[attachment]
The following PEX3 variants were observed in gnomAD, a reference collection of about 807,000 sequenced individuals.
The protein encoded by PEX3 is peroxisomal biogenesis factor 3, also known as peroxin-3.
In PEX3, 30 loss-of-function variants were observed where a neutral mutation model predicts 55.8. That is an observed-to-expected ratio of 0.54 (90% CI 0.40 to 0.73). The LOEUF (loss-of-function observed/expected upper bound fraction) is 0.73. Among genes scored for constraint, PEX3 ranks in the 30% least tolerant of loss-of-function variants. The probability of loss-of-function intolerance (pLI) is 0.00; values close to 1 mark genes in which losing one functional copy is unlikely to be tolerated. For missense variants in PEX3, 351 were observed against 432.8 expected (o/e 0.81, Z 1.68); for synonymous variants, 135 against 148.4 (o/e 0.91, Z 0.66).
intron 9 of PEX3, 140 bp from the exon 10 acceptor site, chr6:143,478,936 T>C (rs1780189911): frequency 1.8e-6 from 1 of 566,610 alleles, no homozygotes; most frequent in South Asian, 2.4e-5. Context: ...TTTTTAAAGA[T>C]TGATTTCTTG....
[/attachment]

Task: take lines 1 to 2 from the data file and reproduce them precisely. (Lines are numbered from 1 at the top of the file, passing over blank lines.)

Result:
The following PEX3 variants were observed in gnomAD, a reference collection of about 807,000 sequenced individuals.
The protein encoded by PEX3 is peroxisomal biogenesis factor 3, also known as peroxin-3.